As a non-employee shareholder I would like to know what this company is doing to address the problems that are riddled throughout these posts. Profits is the name of the game not growth as you can clearly see by the merger.Is there a plan in place to close plants, layoff workforce, downsize management, anything to increase there margins.
POL, I believe, has over $600 million of debt outstanding, with, I believe, over $200 million coming due within the next 6 months. How does this get refinanced? I think they will have a credit downgrade, and their refinancing costs will be up by a lot. If they try to do a public debt deal they will pay through the nose because they will no longer have an investment grade rating. I think mgt. of this company, at least on the finance side, must have a priority focus on refinancing their debt. This is a problem that doesn't just take care of itself, and needs a solution. Any thoughts?
There were big plans in place the 4th quarter of '99 with teams of people to carry them out, then Ashkettle came on board and put everything on hold. Five plant where to be closed and many heads to roll. That really would not have improved anything except lower payroll somewhat, which would have been off set by the severance packages being drawn up. The big problem with this company is the corporate overhead that the individual plants have to support. Also this company used to run profit centers, now they are called cost centers and no one speaks in terms of EBIT, or BOTTOM LINE, and individual operations managers if you can call them that, are not responsible for sales and earnings of their plants. They are really nothing more than a bunch of overpaid baby sitters. Their sole responsibilty is to see that everyone comes to work, works safely, and then schedule as many meetings a day as humanly possible so they look like the are doing something. My advice to you NoFool is, if this sorry stock ever hits $10 bail out don't look back and do not buy Poly1 ever again. Geon was not prepared for the problems that Hanna created and will not be able to turn this company around for probally five years at the earliest.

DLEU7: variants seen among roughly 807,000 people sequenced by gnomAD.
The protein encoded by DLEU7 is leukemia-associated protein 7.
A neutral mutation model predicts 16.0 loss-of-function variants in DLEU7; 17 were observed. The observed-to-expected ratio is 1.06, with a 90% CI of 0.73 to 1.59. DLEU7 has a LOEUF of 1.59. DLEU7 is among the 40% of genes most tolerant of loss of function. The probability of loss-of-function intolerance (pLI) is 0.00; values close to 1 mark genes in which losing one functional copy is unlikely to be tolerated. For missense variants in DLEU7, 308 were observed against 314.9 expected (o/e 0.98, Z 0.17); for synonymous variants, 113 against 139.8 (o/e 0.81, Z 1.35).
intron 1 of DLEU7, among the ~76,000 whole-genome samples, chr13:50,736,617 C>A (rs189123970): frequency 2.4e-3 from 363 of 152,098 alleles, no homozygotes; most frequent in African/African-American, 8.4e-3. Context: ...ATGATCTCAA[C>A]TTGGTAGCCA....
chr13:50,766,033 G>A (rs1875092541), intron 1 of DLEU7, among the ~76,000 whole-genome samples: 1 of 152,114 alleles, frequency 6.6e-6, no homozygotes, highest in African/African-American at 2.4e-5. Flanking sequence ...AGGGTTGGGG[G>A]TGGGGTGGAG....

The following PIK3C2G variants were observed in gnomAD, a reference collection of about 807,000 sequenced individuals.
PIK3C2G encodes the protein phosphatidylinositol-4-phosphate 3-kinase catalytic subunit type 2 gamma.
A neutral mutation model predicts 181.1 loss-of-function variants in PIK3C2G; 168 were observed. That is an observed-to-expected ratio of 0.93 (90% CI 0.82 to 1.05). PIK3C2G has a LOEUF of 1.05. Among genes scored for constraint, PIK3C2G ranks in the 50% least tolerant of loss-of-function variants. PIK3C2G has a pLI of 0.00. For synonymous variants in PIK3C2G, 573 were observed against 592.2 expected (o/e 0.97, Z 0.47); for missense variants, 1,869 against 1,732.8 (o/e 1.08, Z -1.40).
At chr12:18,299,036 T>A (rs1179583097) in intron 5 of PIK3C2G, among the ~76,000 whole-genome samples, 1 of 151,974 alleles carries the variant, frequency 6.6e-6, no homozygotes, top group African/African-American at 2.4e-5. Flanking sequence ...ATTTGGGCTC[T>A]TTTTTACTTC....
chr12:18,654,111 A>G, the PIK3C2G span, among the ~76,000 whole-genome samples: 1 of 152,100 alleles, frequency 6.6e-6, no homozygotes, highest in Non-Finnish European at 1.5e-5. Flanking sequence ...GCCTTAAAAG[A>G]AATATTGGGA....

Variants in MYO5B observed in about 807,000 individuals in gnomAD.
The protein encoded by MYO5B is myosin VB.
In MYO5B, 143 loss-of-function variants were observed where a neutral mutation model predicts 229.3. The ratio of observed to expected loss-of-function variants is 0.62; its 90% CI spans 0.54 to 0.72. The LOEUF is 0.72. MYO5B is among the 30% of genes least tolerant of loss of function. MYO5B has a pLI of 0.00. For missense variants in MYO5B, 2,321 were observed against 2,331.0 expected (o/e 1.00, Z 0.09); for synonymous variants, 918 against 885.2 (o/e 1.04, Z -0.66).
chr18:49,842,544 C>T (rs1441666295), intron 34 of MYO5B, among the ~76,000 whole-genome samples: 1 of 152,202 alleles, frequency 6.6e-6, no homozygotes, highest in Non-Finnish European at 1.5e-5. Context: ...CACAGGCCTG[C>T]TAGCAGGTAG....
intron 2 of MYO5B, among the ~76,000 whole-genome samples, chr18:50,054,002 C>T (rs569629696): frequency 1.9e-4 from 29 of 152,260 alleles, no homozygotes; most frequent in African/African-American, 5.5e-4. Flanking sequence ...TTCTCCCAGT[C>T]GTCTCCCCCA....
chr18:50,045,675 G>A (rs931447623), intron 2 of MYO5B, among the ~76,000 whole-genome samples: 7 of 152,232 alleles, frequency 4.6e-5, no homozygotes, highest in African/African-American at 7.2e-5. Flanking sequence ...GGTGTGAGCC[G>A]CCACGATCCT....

I think that way too much attention is being given to the problems associated with Hanna. The buying public should have been aware of the issues at Hanna and therefore discounted the price well ahead of the merger with Geon. The current demise of this stock is due to the total blow out of the industry and the company in general. The basis of this company, the old Geon business segments can not be setting the world on fire either. I believe this is why the stock is down, not just Hanna's performance. For example, it would be significant to know what the talking heads at P1 are saying about business segment results. By all accounts, housing starts are slowing down and the car industry is too, that can not be good for a company like this, can it? Does anyone have any news on what the compound group is forcasting for the 4th quarter and the 1st Q next year? That will be very telling as to the turn around of this baby.
I think the real problem is the debt load. Not that operations and management, cost structure, etc. are not big problems, but as I recall, POL has a lot of debt, and much of it, $200 million +, comes due within a year. How will they refinance this debt with a recession staring them in the face and losses about to be reported? There is no question in my mind that the debt ratings for POL are downgraded very soon to junk status. They are 'debt challenged', and refinancing a non-investment grade issuer in this market will be VERY difficult--not impossible--but difficult, and expensive.
They should probably do a rights offering to raise more equity and help prop up the company credit.